- Brian Quick, WR, Rams ($266): You are going to have to hold your nose and take some Rams if you want some real fantasy pickups this week. Quick is the WR1 with 31 targets in four weeks, adding a stellar 5-87-2 line against the Eagles when St. Louis was trying to play catchup late in the second half. Quick is a WR3 with upside, especially when the Rams face teams likely to rack up points.
- Justin Hunter, WR, Titans ($227): Hunter has been considered the likely “other starter” for Tennessee on the other side of Kendall Wright for some time now, once the team finally realizes he offers more upside than Nate Washington. That finally looks to be a reality as Hunter played all but two of the 70 offensive snaps for the Titans in Week 6, racking up a 3-99-1 day on five targets. He is a WR3 with WR2 upside if Jake Locker returns to action soon.
- Andre Williams, RB, Giants ($225): One of three “Chump Change” guys from last week that have seen their price jump up significantly. Williams cleaned up in garbage time in Week 4, but Rashad Jennings got hurt last week and made Williams the likely top back going forward until Jennings returns to action, which might not be until Week 9 after New York’s bye week.
- Rueben Randle, WR, Giants ($205): While everyone will be infatuated with Odell Beckham Jr, look and see if Rueben Randle is available. If he is, get the hot Red Zone target for Eli Manning at wide receiver.
Medium Money is reserved for players who could be bye week starters or that have upside potential on good matchups in most league formats.
- Antone Smith, RB, Falcons ($153): One of three “Chump Change” guys from last week that have seen their price jump up significantly. Atlanta may not be giving Smith many touches, but he has been ridiculously productive when given the chance (192 yards, 3 touchdowns on just 13 touches through Week 4, and another touchdown in Week 5). Steven Jackson may not last all season long, and Smith could be the next starter called upon by the Falcons.
- Teddy Bridgewater, QB, Vikings ($145): Bridgewater looked very solid as the starter in Week 4, but his value will be a little depressed with an ankle injury which sidelined him in Week 5. Take advantage and add him as a strong QB2 option.
- Justin Forsett, RB, Ravens ($133): Baltimore remains a running back by committee situation, but Forsett looks to be the top back – for now. Rookie Lorenzo Taliaferro is going to push him for snaps, carries and touches all season long.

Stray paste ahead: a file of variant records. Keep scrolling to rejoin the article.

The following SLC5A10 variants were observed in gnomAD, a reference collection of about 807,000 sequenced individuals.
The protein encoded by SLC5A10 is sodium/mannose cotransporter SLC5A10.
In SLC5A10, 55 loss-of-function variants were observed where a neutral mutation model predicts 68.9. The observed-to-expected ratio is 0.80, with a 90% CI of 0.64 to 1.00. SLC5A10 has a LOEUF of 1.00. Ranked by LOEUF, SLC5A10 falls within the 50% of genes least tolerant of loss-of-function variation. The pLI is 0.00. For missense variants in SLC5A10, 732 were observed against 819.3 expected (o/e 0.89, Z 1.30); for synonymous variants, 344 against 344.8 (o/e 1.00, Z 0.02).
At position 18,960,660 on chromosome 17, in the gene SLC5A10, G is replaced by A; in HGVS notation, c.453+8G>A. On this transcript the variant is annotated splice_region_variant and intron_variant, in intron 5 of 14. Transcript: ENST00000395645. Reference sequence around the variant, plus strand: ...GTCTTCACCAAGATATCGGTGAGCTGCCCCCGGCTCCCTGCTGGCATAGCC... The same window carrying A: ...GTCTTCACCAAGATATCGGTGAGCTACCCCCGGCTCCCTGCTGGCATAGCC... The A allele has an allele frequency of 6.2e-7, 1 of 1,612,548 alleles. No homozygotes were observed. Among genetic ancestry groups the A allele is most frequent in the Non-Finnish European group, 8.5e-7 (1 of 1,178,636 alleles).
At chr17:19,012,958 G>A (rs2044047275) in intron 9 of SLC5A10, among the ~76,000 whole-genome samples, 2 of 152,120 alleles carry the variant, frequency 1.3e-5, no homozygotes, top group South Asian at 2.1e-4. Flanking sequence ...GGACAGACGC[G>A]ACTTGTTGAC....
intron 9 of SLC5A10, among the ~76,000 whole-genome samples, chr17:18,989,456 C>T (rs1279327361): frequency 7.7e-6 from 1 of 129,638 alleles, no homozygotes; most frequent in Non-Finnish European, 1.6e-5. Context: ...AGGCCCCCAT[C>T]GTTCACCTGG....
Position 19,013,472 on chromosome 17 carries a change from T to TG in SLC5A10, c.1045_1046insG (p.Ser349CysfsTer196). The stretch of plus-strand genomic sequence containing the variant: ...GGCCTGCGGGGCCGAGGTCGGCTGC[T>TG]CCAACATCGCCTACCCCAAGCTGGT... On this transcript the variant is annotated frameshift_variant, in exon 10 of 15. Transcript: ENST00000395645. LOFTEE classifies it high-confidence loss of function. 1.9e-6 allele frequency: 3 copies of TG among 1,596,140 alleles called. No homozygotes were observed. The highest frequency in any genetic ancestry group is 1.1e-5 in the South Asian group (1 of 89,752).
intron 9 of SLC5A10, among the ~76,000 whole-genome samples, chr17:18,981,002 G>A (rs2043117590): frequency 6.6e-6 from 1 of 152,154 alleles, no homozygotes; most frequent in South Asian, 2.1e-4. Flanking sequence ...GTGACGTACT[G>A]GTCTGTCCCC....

- Mike Glennon, QB, Buccaneers ($133): If the cupboard is pretty bare in your league at quarterback, Glennon offers solid value as the probable starter the rest of the year in Tampa Bay. Glennon has led this offense before, and Vincent Jackson is a solid WR1. One Mike Evans gets healthy again, Glennon will be a solid QB2 with QB1 upside.
- Mike Evans, WR, Buccaneers ($127): This guy is too talented to be on the waiver wire. Even if he is hurt and you have to wait, he is worth it with Mike Glennon under center.
- Odell Beckham Jr, WR, Giants ($115): One of three “Chump Change” guys from last week that have seen their price jump up significantly. Once viewed as a gamble addition, Beckham scored his first NFL touchdown in Week 5 and looks to be a big part of the Giants passing game going forward. Snap him up in deeper leagues unless Rueben Randle is available, then target him first.
- Benny Cunningham, RB, Rams ($114): If Zac Stacy is out for a while with his calf injury, Cunningham becomes their top back and offers RB2 upside, especially with bye weeks in play. Stacy is believed to be ready to go in Week 6, but Cunningham is still worth a roster stash, especially if you own Stacy.
- George Winn, RB, Lions ($111): Who? Exactly, but does it matter? George Winn posted a solid 11-48 rushing with no other running back healthy for Detroit in Week 5 at the end of the game. The 2013 undrafted free agent (UDFA) out of Cincinnati has an opportunity for his third NFL team with both Joique Bell and Reggie Bush banged up.
- Knowshon Moreno, RB, Dolphins ($107): Miami comes out of a bye, which means that this is a perfect time to grab a Dolphin with upside. Lamar Miller has looked just OK as the lead back, and Moreno offers a higher upside. Pick him up now while other owners look at more immediate help, especially with Moreno possibly one more week away from action.
- Austin Davis, QB, Rams ($107): Yes, the score was 34-7 and then Davis racked up a ton of value, but at the end of the day, your fantasy team does not care and neither should you. Davis is getting the ball to the open guy and the results are adding up. He makes for a QB2 with QB1 upside in the right matchups.
- Louis Murphy, WR, Buccaneers ($103): As long as Mike Evans is out, Murphy will have some fantasy value. He is not great, but offers WR3/flex value through the bye weeks.
- Eric Ebron, TE, Lions ($102, $115 in PPR-bonus leagues): Detroit loves to throw and they have a ton of fantasy producers, but if Ebron starts to get on the field more like he did in Week 4, he offers good upside in an offense that has produced TE1 weeks with Matthew Stafford under center. Ebron lost a TD on an overturn in Week 5, and might see more action with Calvin Johnson hurt.
- Kenny Britt, WR, Rams ($102): Britt is pushing for the steady WR2 role for St. Louis opposite Brian Quick, turning six targets into three catches, 68 yards and a score against the Eagles. The problem? Two of the other three targets were drops. That makes Britt a high risk, high reward type of receiver. Tread carefully here, especially if you need to put him in a lineup.
Chump Change is reserved for players who are relatively considered to be a good flier pick to stash on a fantasy bench in case he blows up over the next few weeks and becomes a potential immediate or spot starter.
- Timothy Wright, TE, Patriots ($95, $115 in PPR-bonus leagues): Remember how good Tom Brady was with two effective tight ends? I sure do, and you should grab Wright before the rest of your league remembers as well.
- C.J. Anderson, RB, Broncos ($77): This is an even bigger gamble than adding Ronnie Hillman, but has major upside. Anderson was inactive Sunday, but Denver loves him and he could be splitting time with Hillman very quickly. Anderson has more talent than Hillman, but it is raw talent. If he can pass protect, Manning will push to use him more.